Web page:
Philip Levine recommends D. Nurkse’s A Night in Brooklyn: “After I read D. Nurkse’s last collection of poems, The Border Kingdom, I told myself there was no one in the U.S. who could write a better book. Well I was wrong, there was a poet who could and recently did publish a better book, the same D. Nurkse. A Night in Brooklyn, his newest collection, finds him on home territory—he was for a time the Poet Laureate of Brooklyn—he should be the laureate of the Western Hemisphere. He possesses the ability to employ the language of our American streets, shops, bars, factories, and any place else and construct truly lyrical poems, sometimes of love, sometimes of anger. He can be wonderfully large and inclusive: “In these long slant-lit streets, she says, / you will find factories that once made shoehorns, / waffle irons, or pearl cuff links and store front churches / where voices adored the living God while tambourines / clashed a little behind the beat…” from “Twilight in Canarsie,” which finally gets the poem it deserves. The voice behind these poems is certainly Nurkse’s, but more often than not I feel it’s that deepest voice we hear rarely if ever and then only in poems, the voice of those closest to us, those we love and care for and who—because they are human—remain mysteries: “All my life I have been dying, of hope and self-pity, / and an unknown force has been knitting me back together.” No one is writing more potently than this.” (Alfred A. Knopf, 2012)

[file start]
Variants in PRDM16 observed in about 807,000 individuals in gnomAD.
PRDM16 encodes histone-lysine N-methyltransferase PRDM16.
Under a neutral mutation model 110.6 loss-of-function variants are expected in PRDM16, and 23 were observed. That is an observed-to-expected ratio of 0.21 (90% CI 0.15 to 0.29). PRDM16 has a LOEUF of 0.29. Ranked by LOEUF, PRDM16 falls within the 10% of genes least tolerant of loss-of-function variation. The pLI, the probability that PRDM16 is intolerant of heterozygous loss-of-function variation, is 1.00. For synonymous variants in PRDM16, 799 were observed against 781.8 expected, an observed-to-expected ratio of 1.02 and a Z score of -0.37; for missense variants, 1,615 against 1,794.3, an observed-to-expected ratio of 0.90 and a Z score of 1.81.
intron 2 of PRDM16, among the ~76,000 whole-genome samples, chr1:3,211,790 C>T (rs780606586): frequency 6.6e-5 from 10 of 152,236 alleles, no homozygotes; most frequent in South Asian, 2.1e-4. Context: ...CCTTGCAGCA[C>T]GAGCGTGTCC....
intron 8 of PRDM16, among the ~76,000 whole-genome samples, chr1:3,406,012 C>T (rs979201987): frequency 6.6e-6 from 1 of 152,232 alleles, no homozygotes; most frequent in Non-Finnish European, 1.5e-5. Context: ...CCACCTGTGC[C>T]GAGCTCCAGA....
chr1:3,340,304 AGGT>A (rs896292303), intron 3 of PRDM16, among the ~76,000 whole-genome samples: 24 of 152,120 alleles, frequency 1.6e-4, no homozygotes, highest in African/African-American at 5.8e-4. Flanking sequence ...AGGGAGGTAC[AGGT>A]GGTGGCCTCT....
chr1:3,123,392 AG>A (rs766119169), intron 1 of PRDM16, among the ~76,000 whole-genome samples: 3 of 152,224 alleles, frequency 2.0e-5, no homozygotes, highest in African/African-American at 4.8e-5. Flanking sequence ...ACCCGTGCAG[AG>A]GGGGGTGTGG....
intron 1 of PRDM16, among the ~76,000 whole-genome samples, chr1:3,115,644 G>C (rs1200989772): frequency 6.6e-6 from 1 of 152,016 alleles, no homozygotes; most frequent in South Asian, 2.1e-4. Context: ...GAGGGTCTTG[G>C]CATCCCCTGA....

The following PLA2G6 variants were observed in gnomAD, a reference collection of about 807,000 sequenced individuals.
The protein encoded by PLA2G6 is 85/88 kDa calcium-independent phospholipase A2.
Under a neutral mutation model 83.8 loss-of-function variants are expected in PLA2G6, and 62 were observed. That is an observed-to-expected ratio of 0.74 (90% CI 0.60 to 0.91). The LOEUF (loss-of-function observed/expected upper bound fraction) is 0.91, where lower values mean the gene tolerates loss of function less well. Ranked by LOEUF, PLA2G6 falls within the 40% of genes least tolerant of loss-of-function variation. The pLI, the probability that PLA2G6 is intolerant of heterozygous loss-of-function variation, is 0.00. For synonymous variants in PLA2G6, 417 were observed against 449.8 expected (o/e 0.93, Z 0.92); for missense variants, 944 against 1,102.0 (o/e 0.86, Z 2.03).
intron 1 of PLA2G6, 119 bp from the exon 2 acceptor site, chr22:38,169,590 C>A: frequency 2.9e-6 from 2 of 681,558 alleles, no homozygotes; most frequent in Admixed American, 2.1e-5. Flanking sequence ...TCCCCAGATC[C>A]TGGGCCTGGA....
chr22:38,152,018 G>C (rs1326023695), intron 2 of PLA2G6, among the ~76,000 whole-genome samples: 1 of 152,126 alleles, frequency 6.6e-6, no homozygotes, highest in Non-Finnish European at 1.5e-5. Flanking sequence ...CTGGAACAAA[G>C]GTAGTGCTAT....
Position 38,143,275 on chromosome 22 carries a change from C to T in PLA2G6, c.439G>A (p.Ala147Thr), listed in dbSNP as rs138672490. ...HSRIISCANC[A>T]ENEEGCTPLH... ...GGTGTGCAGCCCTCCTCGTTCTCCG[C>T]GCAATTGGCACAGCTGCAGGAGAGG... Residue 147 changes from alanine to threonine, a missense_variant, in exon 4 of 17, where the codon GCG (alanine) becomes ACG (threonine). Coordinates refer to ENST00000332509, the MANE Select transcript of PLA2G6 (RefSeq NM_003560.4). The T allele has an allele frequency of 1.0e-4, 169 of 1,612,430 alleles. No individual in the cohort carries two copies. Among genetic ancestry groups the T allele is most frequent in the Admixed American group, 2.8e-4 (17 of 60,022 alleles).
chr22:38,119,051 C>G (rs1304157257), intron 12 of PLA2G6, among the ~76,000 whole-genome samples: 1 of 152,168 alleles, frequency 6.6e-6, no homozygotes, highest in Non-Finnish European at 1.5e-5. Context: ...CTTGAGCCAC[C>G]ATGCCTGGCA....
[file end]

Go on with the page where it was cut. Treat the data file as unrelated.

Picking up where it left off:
The poet D. Nurkse’s New York is worlds away from gentrification.

In “A Night in Brooklyn” (Knopf, $26), he stacks images from the borough’s farther reaches upon ghosts conjured from its past: Throop (Avenue) under the El, Ebbets Field, night truckers, lovers winding into each other from Greenpoint to Canarsie. He strays to “the rain-streaked avenues of central Queens” in one poem and abroad in several others. But Mr. Nurkse, who was Brooklyn’s poet laureate from 1996 to 2002, delivers the portrait his title would seem to promise.

These are not easy poems, but they don’t play tricks on the reader, either. Stay with one, and it will unfold into a meditation on birth, death, longing or loneliness. And even a casual tour through this short collection returns delights — scenes like: “At the border of Bensonhurst/a nun dragged a balky collie/on a retractable leash.”

‘A Night in Brooklyn,’ by D. Nurkse

We undid a button,
turned out the light,
and in that narrow bed
we built the great city —
water towers, cisterns,
hot asphalt roofs, parks,
septic tanks, arterial roads,
Canarsie, the intricate channels,
the seacoast, underwater mountains,
bluffs, islands, the next continent,
using only the palms of our hands
and the tips of our tongues, next
we made darkness itself, by then
it was time for daybreak
and we closed our eyes
until the sun rose
and we had to take it all to pieces
for there could be only one Brooklyn.

Poem excerpted from “A Night in Brooklyn” (Knopf, 2012)

--The New York Times

Voices over Water

The two most impressive books of poetry I've read this year are by D. Nurkse (CB Editions)--an ambitious saga (broken into fragments) of emigration and re-settling--and by Alice Oswald...

--Andrew Motion, Books of the Year, Times Literary Supplement, UK, Dec. 2, 2011